June 29, 2013 Paris
"We're really feeling our Americanness," Leon said. It's a quality that's at once specific and ubiquitous, American culture being a global export. It was less that the collection had a specific national character as that it felt more personal and more comfortable for the designers, relative to the stiffness of some of their more theoretical capital-F fashion outings. It wasn't tricky. Pants were wider, cut off or dragging slightly, in Cali surf 'n' skate style, T-shirts in neoprene were worn ragged and unhemmed, like cut-off wetsuits. Yet it had a sporty, streetwise flair. The graphics, always a Kenzo standout, were great here: scratchy hand-drawn waves (shades of Raymond Pettibon) and scribbled lingo ("freakout!") that suited the mood.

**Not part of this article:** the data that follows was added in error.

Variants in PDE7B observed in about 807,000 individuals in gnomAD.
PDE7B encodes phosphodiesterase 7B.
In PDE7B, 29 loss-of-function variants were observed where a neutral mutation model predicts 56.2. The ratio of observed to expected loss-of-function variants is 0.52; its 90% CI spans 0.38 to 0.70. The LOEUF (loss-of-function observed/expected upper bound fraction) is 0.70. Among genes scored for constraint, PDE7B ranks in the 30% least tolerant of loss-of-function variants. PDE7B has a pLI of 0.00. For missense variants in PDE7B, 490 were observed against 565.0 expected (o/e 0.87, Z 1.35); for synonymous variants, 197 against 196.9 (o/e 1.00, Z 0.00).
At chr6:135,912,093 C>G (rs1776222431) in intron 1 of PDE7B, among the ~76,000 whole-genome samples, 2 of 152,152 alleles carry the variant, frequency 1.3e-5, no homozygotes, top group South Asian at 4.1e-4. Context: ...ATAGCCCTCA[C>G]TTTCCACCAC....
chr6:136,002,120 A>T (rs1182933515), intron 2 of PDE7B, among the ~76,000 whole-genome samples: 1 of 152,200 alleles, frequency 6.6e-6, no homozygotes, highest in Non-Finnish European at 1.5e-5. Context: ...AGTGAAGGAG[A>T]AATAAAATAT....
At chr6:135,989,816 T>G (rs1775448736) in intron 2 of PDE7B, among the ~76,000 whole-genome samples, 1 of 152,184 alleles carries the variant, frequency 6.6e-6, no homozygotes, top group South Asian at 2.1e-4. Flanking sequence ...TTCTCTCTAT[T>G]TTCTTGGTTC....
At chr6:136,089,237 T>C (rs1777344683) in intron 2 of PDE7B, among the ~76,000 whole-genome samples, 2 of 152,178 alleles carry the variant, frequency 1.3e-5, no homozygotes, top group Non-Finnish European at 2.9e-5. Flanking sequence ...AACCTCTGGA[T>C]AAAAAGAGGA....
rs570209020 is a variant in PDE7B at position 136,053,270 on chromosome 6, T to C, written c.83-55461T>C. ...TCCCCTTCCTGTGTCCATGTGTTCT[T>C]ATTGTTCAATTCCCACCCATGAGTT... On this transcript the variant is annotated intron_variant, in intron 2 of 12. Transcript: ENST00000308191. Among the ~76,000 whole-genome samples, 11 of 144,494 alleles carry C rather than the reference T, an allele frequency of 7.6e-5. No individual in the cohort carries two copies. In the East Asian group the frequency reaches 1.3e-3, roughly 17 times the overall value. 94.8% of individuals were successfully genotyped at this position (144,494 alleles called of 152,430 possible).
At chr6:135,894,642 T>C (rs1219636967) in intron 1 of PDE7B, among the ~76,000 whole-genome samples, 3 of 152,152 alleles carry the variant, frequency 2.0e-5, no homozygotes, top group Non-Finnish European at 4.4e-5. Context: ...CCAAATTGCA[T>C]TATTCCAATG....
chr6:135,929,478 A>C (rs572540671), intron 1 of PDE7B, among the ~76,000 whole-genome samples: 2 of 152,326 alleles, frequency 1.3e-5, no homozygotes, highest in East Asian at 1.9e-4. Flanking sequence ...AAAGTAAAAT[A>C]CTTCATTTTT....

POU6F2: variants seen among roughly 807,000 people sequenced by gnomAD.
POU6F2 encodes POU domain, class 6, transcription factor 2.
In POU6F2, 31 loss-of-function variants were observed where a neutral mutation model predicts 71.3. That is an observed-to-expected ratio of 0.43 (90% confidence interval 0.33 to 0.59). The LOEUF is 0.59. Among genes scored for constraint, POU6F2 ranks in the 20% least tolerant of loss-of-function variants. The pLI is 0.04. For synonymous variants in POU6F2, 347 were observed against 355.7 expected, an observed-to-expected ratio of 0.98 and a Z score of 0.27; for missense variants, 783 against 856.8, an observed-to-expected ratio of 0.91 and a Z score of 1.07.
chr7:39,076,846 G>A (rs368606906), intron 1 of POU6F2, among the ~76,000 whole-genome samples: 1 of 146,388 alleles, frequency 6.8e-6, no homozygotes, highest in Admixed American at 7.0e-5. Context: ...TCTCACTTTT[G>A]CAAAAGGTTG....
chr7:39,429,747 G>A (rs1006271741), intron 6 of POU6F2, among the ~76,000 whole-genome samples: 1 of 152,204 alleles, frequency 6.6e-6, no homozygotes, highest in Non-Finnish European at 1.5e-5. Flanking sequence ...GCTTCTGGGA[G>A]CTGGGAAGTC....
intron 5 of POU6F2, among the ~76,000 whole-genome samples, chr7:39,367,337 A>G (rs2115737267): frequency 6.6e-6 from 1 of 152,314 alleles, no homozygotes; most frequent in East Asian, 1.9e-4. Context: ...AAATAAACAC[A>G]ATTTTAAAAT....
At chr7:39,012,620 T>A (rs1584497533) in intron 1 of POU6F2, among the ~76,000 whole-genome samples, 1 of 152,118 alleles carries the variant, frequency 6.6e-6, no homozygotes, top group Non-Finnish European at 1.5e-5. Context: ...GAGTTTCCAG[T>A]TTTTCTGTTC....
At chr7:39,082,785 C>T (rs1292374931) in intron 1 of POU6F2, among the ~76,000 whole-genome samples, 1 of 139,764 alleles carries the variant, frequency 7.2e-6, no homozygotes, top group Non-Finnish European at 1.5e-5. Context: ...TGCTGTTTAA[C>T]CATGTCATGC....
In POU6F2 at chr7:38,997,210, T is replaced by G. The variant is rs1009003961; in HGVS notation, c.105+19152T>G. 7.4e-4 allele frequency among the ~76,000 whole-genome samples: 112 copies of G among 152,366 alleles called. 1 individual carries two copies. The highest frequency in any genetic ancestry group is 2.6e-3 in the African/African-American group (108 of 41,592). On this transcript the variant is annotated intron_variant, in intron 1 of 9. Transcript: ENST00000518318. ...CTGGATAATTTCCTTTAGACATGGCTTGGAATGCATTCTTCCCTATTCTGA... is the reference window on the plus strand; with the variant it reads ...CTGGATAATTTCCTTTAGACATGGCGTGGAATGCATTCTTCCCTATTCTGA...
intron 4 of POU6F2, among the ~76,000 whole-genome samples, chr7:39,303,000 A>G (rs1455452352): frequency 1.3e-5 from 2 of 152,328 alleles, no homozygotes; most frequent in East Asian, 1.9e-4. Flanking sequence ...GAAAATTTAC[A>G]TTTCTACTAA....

It was young, messy, and uncomplicated—if not always the expectation of an LVMH maison, more and more a key component of Kenzo's success. The company's chief talent scout, Pierre-Yves Roussel, was beaming in attendance, and he'd brought along his teenage son, wearing a Kenzo sweatshirt he likely didn't need to be talked into. There've been plenty of other examples on the streets and in the stands this fashion week. That figures. "Almost every Parisian we've met," Leon said, "wants to move to L.A."